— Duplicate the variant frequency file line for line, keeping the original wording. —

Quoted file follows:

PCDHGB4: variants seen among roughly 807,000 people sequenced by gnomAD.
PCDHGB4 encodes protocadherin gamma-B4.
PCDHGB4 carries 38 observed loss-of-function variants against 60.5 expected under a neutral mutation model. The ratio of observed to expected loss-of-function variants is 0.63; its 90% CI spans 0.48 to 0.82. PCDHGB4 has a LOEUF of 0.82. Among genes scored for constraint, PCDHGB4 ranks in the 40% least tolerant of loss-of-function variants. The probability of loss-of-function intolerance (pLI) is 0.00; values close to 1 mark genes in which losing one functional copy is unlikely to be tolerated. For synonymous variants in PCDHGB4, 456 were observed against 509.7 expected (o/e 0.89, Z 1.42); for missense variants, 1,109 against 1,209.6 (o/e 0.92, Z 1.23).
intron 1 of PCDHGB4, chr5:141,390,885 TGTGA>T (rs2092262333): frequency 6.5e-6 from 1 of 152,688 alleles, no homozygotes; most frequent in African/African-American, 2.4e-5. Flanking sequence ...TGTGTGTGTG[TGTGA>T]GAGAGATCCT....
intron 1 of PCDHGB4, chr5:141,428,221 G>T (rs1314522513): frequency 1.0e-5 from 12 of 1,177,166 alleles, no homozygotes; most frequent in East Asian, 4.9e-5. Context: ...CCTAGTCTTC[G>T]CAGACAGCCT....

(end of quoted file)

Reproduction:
PCDHGB4: variants seen among roughly 807,000 people sequenced by gnomAD.
PCDHGB4 encodes protocadherin gamma-B4.
PCDHGB4 carries 38 observed loss-of-function variants against 60.5 expected under a neutral mutation model. The ratio of observed to expected loss-of-function variants is 0.63; its 90% CI spans 0.48 to 0.82. PCDHGB4 has a LOEUF of 0.82. Among genes scored for constraint, PCDHGB4 ranks in the 40% least tolerant of loss-of-function variants. The probability of loss-of-function intolerance (pLI) is 0.00; values close to 1 mark genes in which losing one functional copy is unlikely to be tolerated. For synonymous variants in PCDHGB4, 456 were observed against 509.7 expected (o/e 0.89, Z 1.42); for missense variants, 1,109 against 1,209.6 (o/e 0.92, Z 1.23).
intron 1 of PCDHGB4, chr5:141,390,885 TGTGA>T (rs2092262333): frequency 6.5e-6 from 1 of 152,688 alleles, no homozygotes; most frequent in African/African-American, 2.4e-5. Flanking sequence ...TGTGTGTGTG[TGTGA>T]GAGAGATCCT....
intron 1 of PCDHGB4, chr5:141,428,221 G>T (rs1314522513): frequency 1.0e-5 from 12 of 1,177,166 alleles, no homozygotes; most frequent in East Asian, 4.9e-5. Context: ...CCTAGTCTTC[G>T]CAGACAGCCT....